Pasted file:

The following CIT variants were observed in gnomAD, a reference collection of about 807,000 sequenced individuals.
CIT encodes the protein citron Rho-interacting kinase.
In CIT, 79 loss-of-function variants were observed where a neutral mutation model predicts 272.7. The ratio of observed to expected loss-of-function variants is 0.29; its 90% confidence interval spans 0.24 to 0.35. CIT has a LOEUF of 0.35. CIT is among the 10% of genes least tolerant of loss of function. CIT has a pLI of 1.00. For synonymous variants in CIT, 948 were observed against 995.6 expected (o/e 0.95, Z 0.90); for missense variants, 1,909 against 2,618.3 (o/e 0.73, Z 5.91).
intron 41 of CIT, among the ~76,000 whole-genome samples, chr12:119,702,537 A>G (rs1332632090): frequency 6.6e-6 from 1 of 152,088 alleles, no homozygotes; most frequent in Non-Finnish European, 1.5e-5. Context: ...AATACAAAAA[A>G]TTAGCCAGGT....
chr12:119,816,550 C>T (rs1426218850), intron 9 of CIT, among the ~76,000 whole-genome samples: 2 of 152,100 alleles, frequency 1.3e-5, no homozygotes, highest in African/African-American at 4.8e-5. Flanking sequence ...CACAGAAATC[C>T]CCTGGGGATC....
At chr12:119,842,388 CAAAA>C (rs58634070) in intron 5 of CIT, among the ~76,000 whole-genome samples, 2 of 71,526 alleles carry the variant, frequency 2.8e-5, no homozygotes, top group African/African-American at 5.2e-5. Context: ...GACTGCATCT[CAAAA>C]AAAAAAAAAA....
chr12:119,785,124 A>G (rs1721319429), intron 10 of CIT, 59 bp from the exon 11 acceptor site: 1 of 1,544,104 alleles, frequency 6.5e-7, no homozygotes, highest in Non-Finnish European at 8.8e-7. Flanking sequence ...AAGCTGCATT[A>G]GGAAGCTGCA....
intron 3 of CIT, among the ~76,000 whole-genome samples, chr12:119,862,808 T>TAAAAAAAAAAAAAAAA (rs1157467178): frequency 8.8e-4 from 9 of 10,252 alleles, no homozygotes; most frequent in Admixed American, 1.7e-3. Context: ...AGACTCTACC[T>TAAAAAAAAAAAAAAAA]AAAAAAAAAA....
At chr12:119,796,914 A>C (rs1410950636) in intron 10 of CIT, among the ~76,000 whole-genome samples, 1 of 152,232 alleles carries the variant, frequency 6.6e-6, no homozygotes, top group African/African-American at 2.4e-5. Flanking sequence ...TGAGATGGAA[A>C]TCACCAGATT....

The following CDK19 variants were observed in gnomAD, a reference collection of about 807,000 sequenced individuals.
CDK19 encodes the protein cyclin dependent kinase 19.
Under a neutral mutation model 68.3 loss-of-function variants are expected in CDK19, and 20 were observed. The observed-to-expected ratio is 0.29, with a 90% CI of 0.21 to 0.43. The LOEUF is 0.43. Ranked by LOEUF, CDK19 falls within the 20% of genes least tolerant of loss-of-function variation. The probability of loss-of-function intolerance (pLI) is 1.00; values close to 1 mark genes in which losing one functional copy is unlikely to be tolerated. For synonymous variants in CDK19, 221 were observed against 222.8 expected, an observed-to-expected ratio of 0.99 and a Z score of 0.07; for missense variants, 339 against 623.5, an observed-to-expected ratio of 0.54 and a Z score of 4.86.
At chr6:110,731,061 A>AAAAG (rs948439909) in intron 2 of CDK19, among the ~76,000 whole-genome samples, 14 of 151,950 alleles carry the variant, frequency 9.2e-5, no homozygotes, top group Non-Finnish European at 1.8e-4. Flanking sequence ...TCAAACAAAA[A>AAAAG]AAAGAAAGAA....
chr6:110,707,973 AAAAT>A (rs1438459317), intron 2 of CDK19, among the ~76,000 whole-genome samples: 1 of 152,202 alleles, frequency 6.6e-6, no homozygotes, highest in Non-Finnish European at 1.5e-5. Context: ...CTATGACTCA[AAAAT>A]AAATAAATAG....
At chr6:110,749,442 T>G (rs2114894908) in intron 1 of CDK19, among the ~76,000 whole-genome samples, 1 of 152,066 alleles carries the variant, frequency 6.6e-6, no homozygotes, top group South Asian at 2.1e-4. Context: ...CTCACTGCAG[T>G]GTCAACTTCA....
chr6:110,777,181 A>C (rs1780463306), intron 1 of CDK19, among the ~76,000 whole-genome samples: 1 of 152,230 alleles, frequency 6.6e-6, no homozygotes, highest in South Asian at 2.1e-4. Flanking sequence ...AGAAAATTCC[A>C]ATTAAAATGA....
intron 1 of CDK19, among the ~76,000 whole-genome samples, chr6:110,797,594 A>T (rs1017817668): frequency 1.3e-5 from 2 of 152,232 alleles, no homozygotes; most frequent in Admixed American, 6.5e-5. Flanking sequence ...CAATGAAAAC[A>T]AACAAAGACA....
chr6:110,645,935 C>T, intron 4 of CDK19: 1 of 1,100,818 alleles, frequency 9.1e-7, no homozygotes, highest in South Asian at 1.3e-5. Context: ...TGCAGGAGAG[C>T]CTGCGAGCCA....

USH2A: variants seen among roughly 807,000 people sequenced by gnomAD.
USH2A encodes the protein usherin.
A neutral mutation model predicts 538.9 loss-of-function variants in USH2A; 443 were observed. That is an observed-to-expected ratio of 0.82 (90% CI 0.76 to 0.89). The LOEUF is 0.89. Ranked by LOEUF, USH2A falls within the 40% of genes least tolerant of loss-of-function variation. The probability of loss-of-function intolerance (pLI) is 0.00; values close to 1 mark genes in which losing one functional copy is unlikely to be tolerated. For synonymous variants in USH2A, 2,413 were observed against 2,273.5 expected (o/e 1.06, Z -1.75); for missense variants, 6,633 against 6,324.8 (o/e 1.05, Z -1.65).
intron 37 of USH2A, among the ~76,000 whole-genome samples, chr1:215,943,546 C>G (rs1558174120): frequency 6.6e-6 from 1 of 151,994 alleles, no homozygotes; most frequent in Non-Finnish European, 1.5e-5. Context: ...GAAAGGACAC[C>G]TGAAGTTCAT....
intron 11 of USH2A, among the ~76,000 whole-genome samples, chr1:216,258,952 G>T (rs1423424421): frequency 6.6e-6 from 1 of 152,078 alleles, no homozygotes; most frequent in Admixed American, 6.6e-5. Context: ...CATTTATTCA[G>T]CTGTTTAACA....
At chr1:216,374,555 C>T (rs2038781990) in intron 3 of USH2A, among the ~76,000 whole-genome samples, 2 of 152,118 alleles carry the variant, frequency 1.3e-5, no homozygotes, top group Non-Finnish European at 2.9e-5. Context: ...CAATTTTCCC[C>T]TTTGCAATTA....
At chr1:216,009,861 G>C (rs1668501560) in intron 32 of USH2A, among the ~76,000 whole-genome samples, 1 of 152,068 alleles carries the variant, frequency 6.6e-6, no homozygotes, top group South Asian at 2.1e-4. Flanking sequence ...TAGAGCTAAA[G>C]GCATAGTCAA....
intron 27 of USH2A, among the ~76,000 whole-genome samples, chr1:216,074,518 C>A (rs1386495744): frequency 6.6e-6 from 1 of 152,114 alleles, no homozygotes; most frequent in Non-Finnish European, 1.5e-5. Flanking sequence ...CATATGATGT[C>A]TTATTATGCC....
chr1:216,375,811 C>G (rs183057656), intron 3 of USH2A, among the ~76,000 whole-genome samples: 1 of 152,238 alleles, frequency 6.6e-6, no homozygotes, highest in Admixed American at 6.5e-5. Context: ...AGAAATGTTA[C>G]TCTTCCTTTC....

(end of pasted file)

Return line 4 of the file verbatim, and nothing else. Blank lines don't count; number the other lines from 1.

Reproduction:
intron 41 of CIT, among the ~76,000 whole-genome samples, chr12:119,702,537 A>G (rs1332632090): frequency 6.6e-6 from 1 of 152,088 alleles, no homozygotes; most frequent in Non-Finnish European, 1.5e-5. Context: ...AATACAAAAA[A>G]TTAGCCAGGT....